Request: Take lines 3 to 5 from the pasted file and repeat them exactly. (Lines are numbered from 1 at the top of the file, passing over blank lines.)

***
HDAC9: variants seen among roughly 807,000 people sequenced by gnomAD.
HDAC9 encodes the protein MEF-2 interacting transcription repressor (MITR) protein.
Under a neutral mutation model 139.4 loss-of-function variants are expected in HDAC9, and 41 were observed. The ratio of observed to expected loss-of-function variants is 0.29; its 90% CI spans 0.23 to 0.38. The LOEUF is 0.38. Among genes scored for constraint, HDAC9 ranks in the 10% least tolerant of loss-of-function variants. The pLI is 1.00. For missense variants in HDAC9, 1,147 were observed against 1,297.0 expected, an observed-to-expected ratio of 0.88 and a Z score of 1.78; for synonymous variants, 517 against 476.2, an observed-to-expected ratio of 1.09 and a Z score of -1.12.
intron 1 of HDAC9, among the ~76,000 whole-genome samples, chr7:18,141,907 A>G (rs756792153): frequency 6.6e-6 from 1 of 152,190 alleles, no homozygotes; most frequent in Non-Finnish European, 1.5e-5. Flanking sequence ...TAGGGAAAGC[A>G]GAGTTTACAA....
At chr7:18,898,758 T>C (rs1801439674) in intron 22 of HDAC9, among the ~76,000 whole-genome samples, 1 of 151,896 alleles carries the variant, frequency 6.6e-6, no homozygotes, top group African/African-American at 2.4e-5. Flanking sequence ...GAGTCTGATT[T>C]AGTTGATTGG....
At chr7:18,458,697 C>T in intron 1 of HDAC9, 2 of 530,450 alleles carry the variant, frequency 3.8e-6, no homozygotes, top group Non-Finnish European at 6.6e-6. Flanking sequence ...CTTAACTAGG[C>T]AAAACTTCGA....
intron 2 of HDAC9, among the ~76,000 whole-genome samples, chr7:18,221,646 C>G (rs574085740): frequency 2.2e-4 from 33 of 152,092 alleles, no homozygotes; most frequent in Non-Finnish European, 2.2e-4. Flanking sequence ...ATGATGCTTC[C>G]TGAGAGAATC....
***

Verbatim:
Under a neutral mutation model 139.4 loss-of-function variants are expected in HDAC9, and 41 were observed. The ratio of observed to expected loss-of-function variants is 0.29; its 90% CI spans 0.23 to 0.38. The LOEUF is 0.38. Among genes scored for constraint, HDAC9 ranks in the 10% least tolerant of loss-of-function variants. The pLI is 1.00. For missense variants in HDAC9, 1,147 were observed against 1,297.0 expected, an observed-to-expected ratio of 0.88 and a Z score of 1.78; for synonymous variants, 517 against 476.2, an observed-to-expected ratio of 1.09 and a Z score of -1.12.
intron 1 of HDAC9, among the ~76,000 whole-genome samples, chr7:18,141,907 A>G (rs756792153): frequency 6.6e-6 from 1 of 152,190 alleles, no homozygotes; most frequent in Non-Finnish European, 1.5e-5. Flanking sequence ...TAGGGAAAGC[A>G]GAGTTTACAA....
At chr7:18,898,758 T>C (rs1801439674) in intron 22 of HDAC9, among the ~76,000 whole-genome samples, 1 of 151,896 alleles carries the variant, frequency 6.6e-6, no homozygotes, top group African/African-American at 2.4e-5. Flanking sequence ...GAGTCTGATT[T>C]AGTTGATTGG....